Raftery Law Offices
What individuals need to do and read before filing a petition under Chapters 7 or 13
Thinking of filing without an attorney? Click here. If you are looking for an attorney, then ask the local bar association. Anyone who provides a referral should give you at least three names. You should also check to see if the attorney you select has malpractice insurance. You may never need to make a claim, but it will be comforting to know if they have the insurance. Click here to go the Board of Bar Overseers web site where you can check if the lawyer you select has malpractice insurance. The same site will tell you if the attorney has been disciplined.
1. The 342(b) Notice - You must read and sign a document similar to this.
2. The 527(a) Notice - You must read and sign a document similar to this.
3. The 527(b) Notice - You must read this.
4. The 527(c) Notice - You must read this
5. Credit Counseling Services - Since credit counseling is mandatory before filing, you must do it. Here is a link to approved credit counselors. Remember that you should have the credit counseling certificate in hand before seeing an attorney. See also the Federal Trade Commission's brochure.
7. The Engagement Letter - You will be required to read and sign a similar letter before an attorney can represent you.
8. Chapter 13 Checklist - This will give you an idea of the information that must
be gathered and provided to the trustee and the court. For a Chapter 13 bankruptcy,
you'll need a regular income with something left over after you pay the
bare necessities of life such as shelter, food and utilities. You must have no
more than $1,010,650 in secured debt (for example, mortgages or car loans) and
$336,900 in unsecured debt. These amounts are adjusted periodically to reflect
changes in the consumer price index. The court filing fee is $274.
10. The Client Questionnaire - You should fill out this form prior to any meeting with an attorney. It will give him or her a complete picture of your assets and liabilities.
11. The Homestead - Do you own your residence? Do you have a homestead on it? While a homestead is automatic in New Hampshire, it is not in Massachusetts. You must file a homestead in Massachusetts in order to claim its benefits. You can file it on the eve of bankruptcy and still enjoy its protections, but it is too late after you file. See your attorney to get the form and make sure that it is filed. Even if you think you have one, check it twice. If there is a problem with it, the problem has to be fixed before you file a bankruptcy petition. See this Secretary of the Commonwealth link for more information on the homestead in Massachusetts. Even if your homestead is properly filed there may be some limitations imposed by the Bankruptcy Code on its use. Speak with your attorney about those limitations.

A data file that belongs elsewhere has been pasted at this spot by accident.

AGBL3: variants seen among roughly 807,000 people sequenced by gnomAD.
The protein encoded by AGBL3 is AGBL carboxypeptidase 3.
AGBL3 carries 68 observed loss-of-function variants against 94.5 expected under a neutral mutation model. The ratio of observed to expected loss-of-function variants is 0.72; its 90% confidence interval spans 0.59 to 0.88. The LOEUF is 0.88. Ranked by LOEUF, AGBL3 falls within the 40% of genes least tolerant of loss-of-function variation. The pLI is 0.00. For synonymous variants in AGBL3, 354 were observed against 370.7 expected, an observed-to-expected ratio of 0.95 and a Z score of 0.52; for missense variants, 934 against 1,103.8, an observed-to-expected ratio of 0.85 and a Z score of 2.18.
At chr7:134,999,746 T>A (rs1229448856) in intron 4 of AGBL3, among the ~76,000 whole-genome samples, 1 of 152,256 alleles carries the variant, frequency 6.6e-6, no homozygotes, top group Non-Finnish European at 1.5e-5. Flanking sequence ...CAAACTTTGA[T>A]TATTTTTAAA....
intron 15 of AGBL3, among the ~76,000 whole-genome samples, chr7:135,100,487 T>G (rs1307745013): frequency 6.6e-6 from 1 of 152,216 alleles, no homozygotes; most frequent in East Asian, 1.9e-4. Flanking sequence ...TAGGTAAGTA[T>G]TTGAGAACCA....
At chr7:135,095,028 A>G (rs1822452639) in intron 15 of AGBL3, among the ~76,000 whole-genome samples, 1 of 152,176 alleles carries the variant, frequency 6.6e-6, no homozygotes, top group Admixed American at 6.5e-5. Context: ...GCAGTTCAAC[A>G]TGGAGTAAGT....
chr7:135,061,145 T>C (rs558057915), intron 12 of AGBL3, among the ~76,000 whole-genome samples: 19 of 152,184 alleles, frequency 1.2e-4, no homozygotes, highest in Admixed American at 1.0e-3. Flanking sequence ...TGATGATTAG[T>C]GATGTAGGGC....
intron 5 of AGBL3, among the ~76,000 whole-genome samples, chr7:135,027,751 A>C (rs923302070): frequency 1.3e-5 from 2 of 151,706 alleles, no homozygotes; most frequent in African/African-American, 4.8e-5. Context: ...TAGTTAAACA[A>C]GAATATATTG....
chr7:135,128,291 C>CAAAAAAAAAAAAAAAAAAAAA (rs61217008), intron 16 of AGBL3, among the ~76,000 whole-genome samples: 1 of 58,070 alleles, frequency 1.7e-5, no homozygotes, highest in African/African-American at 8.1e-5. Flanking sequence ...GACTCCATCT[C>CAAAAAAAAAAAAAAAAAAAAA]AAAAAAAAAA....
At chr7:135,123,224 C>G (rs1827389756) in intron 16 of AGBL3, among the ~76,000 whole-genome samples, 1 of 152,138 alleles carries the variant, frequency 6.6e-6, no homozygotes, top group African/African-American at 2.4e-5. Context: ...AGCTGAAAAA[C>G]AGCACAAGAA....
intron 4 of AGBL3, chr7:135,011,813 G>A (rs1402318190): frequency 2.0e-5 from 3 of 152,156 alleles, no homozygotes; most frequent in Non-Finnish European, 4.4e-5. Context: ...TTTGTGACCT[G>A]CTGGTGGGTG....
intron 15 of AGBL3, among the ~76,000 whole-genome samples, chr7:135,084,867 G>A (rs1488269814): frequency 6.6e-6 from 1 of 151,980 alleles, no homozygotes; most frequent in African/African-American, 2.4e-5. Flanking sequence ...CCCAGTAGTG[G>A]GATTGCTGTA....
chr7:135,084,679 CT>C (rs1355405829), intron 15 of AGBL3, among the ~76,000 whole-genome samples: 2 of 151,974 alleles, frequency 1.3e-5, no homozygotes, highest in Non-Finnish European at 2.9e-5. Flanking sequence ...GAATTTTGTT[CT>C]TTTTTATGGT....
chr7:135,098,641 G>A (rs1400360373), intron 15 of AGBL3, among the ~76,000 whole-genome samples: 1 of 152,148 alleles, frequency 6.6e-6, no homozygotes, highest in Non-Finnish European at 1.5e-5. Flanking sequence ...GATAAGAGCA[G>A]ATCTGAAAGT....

12. The Chapter 13 Agreement Between Debtor and Counsel - In the event that you have to become a debtor in a Chapter 13 case you should read and understand the mandatory agreement between a debtor and counsel.
13. Common Mistakes Debtor's Make - Sometimes mistakes are made.
All creditors must be listed. You may think that by not listing a creditor you do not make it, him or her part of your bankruptcy. That is not true and it could lead to a situation in which you have made a false oath and result in denial of your discharge. All creditors must be listed. After the bankruptcy is over you can pay those creditors you want to pay, but you have no obligation to do so. You should list all people who might have a claim against you even though you might think that their claim is frivolous. The bankruptcy is the opportunity to discharge all claims, frivolous or not. Some believe that if they do not list a credit card, they can keep and use the card going forward. Credit card companies scan debtor databases; they can cancel your card even if they were not listed.
Don't transfer assets prior to the bankruptcy. Sometimes debtors think that they can put their real estate beyond the reach of creditors by transferring it to their spouse prior to filing the bankruptcy. Usually the transfer renders the debtor insolvent (if not insolvent already) and the transfer can be set aside by the trustee using the Bankruptcy Code's one year look back or the state law look back which can be as long as four years. Be wary of asset protection trusts for they will require experienced counsel and they are beset with traps. As for the transfer to a spouse or relative, it may jeopardize your discharge.
All assets must be listed. It is not an uncommon event where a trustee in bankruptcy is examining a debtor and asks the question whether the debtor owns any real estate. The debtor will honestly answer, "no." However, the trustee has done a search at the registry of deeds and discovered that the debtor is the title holder to some real estate. The debtor then answers, "Oh, that is my mother's house; my name is on the title, but it is really hers." Wrong. It is yours and it is about to become an asset of your bankruptcy estate. You have to be honest and thorough and in situations such as these you have to consult a professional prior to the filing of the petition.
Another situation is the disappearing asset. Sometimes a potential debtor will consult an attorney and in the discussion disclose an asset that the debtor really wants to keep. The attorney may advise that the asset cannot be exempted and will be sold by the trustee. That may be the last time that attorney sees that debtor until he or she notices that there is a bankruptcy case under the name of that debtor. Upon inspection of the schedules one will notice that the asset is not there. That is a recipe for disaster. As a debtor you need to be honest, truthful and thorough. Bankruptcy is a chance for financial rehabilitation and it is quite stupid to blow it.
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